Defining Madrid's authentic cuisine is not easy, especially since Madrid has absorbed the best cuisines from all over Spain.
Madrid's most typical dishes are, however, the cocido, a stew made with chickpeas and vegetables together with meat and any combination of black pudding, fatty bacon or chorizo (spicy Spanish sausage), Spanish omelette and callos a la madrileña, stewed cow tripe.
To try one of the best cocidos madrileño you can’t miss La Bola, a restaurant that was founded in 1870 and that prepares this traditional dish in an individual clay pot cooked over a low heat in a firewood oven. Other classical restaurant in La Latina neighbourhood is Casa Lucio, You must order a kind of the scrambled eggs (Huevos estrellados Lucio) that have a deserved fame because they are delicious … In the menu, you can order too callos a la madrileña, different fishes and shellfishes…
Another referent in the madrileña cooking is Casa Botín, the oldest restaurant in the world, founded in 1725 and located in Cuchilleros Street, near Plaza Mayor. The specialities in this place are the roasted suckling pig and lamb, the famous garlic soups, and a wide choice of wines and desserts.
Even though it might seem strange, given its geographical position, Madrid's cuisine includes many different types of fish of exceptionally good quality, fresh and abundant. It is no coincidence that after Tokyo, Madrid has the second largest central fish market in the world.
You will certainly never hear any complaints about the number and variety of restaurants in Madrid, not only because of the many types of cuisine on offer, but also because of the price range that caters to all pockets, from the most luxurious restaurants offering Spanish, French or Italian cuisine, to the more modest and traditional tascas. The traditional taverns are generally located in the old centre. There you can enjoy the pleasures of 'madrileño' food and typical tapas in every bar of Madrid and its Region, but you have to go to the centre or to the Latina neighbourhood. Mercado de San Miguel (Saint Michael Market) and Mercado de San Antón (Saint Anton Market) are good options.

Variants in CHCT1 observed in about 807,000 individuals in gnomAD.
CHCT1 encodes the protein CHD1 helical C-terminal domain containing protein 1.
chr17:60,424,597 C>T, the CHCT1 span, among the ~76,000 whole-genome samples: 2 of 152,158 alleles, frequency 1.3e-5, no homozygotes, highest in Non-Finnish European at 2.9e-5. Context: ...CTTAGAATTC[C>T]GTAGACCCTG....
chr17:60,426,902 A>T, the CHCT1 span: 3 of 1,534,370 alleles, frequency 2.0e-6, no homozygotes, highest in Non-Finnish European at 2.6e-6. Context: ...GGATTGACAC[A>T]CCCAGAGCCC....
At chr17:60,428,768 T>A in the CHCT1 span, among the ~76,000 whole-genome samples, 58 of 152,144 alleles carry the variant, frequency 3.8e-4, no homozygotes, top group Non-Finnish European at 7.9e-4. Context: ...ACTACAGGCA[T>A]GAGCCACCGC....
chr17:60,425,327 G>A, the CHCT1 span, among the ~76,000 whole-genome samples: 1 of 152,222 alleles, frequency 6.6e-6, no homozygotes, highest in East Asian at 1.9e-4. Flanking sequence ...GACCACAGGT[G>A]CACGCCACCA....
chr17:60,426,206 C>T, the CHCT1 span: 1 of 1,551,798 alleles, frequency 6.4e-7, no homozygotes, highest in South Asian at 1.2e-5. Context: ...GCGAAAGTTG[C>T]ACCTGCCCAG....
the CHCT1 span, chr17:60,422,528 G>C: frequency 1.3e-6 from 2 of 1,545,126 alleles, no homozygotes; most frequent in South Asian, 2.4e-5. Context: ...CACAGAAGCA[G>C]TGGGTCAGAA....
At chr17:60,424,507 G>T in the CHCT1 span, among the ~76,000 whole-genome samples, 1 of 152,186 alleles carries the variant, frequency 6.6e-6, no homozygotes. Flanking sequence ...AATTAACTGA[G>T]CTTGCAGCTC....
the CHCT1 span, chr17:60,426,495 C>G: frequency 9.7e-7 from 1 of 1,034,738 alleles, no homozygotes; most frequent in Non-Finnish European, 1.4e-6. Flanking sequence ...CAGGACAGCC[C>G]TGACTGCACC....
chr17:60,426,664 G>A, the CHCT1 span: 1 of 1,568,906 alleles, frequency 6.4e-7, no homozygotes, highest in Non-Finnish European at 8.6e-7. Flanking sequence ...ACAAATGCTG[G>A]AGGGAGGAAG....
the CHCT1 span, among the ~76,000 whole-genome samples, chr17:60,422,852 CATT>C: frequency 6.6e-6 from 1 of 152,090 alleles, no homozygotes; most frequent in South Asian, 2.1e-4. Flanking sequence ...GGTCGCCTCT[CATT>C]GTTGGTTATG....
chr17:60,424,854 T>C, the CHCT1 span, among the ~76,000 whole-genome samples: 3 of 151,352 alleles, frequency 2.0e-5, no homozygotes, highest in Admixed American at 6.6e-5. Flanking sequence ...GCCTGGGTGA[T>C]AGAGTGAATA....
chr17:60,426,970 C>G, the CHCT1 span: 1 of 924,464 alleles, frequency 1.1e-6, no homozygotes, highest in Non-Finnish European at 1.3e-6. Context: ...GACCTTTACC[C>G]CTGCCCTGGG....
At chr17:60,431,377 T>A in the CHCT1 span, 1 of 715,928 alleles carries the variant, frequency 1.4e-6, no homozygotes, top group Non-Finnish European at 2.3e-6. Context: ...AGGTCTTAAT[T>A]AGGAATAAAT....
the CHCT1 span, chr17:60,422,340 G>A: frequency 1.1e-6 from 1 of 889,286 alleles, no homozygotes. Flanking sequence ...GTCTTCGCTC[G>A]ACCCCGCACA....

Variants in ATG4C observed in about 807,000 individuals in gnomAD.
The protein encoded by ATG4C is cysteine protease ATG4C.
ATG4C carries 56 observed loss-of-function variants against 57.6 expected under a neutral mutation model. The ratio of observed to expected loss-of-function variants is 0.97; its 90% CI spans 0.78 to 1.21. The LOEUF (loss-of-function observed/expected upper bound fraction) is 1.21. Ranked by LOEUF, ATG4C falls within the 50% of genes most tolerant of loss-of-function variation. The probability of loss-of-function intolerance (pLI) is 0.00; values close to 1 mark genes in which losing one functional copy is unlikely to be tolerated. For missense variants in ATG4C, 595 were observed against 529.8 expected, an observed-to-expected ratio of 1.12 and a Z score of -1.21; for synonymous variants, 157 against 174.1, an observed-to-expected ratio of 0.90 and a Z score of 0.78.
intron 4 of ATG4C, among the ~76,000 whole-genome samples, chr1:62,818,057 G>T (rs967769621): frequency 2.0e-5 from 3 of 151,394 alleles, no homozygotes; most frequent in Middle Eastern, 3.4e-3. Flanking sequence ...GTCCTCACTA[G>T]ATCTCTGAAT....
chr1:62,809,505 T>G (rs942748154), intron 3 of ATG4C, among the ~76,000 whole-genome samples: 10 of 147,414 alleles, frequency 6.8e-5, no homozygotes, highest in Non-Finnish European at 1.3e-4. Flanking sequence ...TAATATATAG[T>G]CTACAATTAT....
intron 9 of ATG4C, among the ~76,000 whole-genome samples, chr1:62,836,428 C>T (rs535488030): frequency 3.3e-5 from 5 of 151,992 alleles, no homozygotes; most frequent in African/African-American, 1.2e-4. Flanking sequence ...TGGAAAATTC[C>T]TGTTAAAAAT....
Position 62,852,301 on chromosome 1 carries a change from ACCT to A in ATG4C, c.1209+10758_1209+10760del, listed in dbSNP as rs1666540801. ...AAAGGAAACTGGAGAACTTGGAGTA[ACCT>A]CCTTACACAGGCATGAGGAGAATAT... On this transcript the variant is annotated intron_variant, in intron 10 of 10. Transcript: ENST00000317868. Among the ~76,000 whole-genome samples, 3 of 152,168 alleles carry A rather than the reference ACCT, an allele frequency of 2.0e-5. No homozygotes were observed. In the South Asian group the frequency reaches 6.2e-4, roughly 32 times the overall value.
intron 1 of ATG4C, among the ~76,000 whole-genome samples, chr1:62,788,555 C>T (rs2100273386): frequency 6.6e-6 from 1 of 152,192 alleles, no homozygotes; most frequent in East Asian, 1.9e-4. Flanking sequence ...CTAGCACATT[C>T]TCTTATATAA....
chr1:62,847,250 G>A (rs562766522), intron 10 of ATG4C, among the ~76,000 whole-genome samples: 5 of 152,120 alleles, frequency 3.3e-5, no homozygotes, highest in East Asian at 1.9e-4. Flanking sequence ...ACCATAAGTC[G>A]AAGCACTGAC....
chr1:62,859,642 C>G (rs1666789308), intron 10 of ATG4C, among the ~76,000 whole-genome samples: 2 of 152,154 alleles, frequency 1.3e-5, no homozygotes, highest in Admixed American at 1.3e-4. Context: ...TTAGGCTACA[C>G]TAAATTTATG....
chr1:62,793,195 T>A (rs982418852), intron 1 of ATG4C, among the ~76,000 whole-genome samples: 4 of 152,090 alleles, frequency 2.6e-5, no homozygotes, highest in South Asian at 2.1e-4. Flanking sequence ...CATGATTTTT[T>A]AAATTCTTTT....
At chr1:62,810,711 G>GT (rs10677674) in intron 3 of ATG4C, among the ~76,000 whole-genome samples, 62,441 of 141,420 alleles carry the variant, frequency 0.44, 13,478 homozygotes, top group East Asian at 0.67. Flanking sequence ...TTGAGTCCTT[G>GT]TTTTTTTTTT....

Madrid provides an efficient public transportation service. It has 12 Metro lines with 295 stations. Metro in Madrid is one of the most modern and efficient of all Europe. It has direct connections from Barajas International Airport as well as all the train stations.
Tourist Season ticket
RENFE-CERCANIAS (regional trains)
CERCANIAS Madrid has a network that extends throughout the Community of Madrid (although it reaches diverse populations of Guadalajara and Toledo) and several of Segovia, reaching the vast majority of the population and linking the service with the Madrid Metro in 20 stations.